Liner products (such as those listed above) allow for rapid changeovers, eliminate cleanup time, speed production, boost productivity and heighten profit. With the prices of both plastic and steel containers rising, replenishing even a small inventory of pails or drums for use within a plant setting can be costly. Furthermore, companies presently washing out existing inventories of pails and/or drums for reuse must tackle the issue of labor costs involved in such a process, along with the proper disposal of sewage generated by these clean and reuse methods.

The use of liners can streamline operations: use a liner, discard it, and insert a new one in its place. Additional benefits include the following.
  • Cleaning of used pails or drums is no longer necessary.
  • Overhead involved in the cleaning process is eliminated or reassigned.
  • Concerns about contamination of the waste stream from your facility are removed.
  • No need to purchase costly replacement pails or drums, which can take up valuable space within a facility.
  • Changeovers become quicker and boost the output of production lines with the use of a simple productivity tool, like a pail or drum liner.

As such, the cost justification for liners is immediate in that these liner products are always less expensive than the pails or drums normally purchased as part of plant operation needs. Moreover, their presence ensures heightened productivity, which goes right to your company's bottom line both now and in the future.

As this article noted at the outset, the advent of poly liners and their use as a packaging component was the first, more obvious application. While the use of liners for in-plant applications has grown significantly, the original use of these products has not been diminished: the use of plastic liners as part of a product packaging application is a value-added strategy that can provide significant advantages to the marketplace. Liners can help ensure maximum recovery of package contents, ease the reuse possibilities of containers such as steel and poly pails and drums, and greatly benefit the environment.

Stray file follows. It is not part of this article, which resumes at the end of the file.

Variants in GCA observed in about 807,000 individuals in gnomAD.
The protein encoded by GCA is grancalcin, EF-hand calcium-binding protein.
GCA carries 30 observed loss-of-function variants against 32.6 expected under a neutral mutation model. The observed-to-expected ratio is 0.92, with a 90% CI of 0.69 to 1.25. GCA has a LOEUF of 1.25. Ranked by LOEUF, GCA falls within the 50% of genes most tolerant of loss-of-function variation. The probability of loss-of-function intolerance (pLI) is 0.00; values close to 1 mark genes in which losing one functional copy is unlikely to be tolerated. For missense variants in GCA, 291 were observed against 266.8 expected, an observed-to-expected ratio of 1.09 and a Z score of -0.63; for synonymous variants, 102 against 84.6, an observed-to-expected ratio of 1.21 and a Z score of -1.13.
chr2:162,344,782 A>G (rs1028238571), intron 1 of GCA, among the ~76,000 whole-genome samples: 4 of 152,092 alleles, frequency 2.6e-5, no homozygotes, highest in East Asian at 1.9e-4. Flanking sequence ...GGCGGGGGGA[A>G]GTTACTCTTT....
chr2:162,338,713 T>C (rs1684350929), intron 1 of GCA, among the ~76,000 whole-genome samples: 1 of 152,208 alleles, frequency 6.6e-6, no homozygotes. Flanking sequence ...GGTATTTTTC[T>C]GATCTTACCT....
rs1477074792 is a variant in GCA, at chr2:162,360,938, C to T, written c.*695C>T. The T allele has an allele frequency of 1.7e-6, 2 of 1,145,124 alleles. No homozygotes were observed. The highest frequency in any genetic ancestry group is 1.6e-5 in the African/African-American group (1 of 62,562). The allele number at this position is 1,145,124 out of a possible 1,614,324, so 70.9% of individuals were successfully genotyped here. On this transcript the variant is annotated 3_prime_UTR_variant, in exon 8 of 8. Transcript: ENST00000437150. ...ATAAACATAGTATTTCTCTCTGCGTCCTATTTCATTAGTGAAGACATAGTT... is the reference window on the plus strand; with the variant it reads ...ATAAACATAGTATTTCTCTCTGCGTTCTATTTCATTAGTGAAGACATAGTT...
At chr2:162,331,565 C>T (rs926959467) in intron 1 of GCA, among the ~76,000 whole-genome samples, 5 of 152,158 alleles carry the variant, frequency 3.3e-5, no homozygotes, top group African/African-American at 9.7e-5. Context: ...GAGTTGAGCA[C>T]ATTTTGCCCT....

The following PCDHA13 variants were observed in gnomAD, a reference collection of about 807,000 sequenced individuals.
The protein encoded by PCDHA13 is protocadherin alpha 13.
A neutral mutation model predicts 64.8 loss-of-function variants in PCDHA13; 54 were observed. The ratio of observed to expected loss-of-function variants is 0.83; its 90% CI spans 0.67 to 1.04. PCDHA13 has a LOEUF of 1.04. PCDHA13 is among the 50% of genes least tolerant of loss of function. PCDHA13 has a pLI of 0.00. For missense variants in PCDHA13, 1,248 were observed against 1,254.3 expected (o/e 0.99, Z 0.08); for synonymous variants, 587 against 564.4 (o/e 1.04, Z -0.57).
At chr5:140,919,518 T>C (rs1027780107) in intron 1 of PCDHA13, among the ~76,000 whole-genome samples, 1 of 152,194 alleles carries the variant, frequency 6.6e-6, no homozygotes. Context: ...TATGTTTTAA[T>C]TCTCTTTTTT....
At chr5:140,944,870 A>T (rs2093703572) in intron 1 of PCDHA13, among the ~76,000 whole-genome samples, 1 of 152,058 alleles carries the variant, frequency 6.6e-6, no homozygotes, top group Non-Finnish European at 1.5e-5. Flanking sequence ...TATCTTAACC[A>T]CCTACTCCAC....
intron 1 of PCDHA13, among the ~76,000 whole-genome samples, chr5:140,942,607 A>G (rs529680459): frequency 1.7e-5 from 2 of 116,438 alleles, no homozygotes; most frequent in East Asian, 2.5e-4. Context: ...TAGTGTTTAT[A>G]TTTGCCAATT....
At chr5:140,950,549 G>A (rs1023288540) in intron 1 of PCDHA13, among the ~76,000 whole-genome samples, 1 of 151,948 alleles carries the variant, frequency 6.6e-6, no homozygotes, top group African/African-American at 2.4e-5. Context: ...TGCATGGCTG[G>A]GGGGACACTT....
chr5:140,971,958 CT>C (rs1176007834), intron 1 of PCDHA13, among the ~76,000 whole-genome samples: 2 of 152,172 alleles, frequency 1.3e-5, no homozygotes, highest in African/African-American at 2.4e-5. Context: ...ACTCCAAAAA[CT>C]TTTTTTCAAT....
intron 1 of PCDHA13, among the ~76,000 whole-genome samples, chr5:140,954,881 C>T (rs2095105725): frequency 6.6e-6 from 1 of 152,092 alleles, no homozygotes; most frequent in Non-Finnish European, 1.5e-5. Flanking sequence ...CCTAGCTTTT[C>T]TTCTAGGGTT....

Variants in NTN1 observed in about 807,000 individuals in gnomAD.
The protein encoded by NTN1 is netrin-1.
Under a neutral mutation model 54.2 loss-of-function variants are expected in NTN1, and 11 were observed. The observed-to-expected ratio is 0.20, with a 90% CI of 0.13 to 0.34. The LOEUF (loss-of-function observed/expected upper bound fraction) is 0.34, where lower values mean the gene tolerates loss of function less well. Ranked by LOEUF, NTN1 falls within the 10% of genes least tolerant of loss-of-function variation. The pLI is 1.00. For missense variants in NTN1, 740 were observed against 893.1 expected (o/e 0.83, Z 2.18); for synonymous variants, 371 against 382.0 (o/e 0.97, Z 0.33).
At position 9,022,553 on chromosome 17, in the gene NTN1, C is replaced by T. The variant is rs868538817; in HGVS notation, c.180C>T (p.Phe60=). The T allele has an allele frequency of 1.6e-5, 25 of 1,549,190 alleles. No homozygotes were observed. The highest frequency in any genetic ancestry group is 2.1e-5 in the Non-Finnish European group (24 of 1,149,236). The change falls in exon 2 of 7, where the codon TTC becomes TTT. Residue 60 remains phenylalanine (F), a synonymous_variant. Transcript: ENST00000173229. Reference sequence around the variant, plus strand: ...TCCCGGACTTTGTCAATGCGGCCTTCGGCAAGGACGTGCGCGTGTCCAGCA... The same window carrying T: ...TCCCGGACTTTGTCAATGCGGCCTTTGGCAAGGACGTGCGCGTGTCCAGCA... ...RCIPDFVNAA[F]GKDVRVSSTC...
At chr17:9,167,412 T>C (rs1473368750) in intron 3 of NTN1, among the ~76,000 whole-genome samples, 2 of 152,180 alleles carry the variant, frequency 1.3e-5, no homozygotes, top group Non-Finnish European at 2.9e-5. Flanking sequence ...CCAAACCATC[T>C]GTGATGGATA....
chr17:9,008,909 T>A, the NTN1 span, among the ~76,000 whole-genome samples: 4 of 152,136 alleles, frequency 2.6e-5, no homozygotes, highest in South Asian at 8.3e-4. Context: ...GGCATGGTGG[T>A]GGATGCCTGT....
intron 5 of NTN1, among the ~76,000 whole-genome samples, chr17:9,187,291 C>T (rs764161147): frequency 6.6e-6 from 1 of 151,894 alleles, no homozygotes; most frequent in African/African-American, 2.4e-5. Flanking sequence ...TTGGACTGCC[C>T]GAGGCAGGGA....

While a good liner vendor should have a multitude of products to meet the array of applications in your operations, not every "standard" liner fits the bill. Is your vendor up to the challenge of meeting custom requirements when the need arises? Can they rise to the challenge of a custom application while respecting your development timeline and budget parameters? If the answer to the above questions is yes, then you can feel secure about your liner resource choice and move forward in the knowledge that the introduction of plastic liners into your plant and/or shipping applications will save your company money in a variety of ways, as well as ensure the safe transport and use of your product by your customers and end users.

For more information, contact Guy S. Shipley at (800) 638-1012, ext. 224 or e-mail .

Consider This

If you've reviewed the option of using liners as either packaging components or as in-plant productivity tools and are ready to move on to a review of your options, your checklist may include the following items.
  • Does your liner supplier use its own internally produced sheeting and film in constructing their product? This ensures the highest quality standards are met throughout the manufacturing process.
  • Is your vendor ISO 9001 certified in both the design and manufacture of its products? At the least, does your liner source use some sort of continuous improvement process that focuses on meeting or exceeding its customers' quality standards at all times? What other programs does a potential vendor bring to the table that demonstrate its ongoing commitment to meeting your organization's quality and cost objectives?
  • Does the supplier feature a skilled staff of engineering and/or technical services personnel that can help its customers sort out complicated shipping and regulatory matters without burdening their internal resources?
  • Does the company have a reliable distribution network where product can be easily and conveniently accessed in the event you or your staff needs to source product closer to your facility?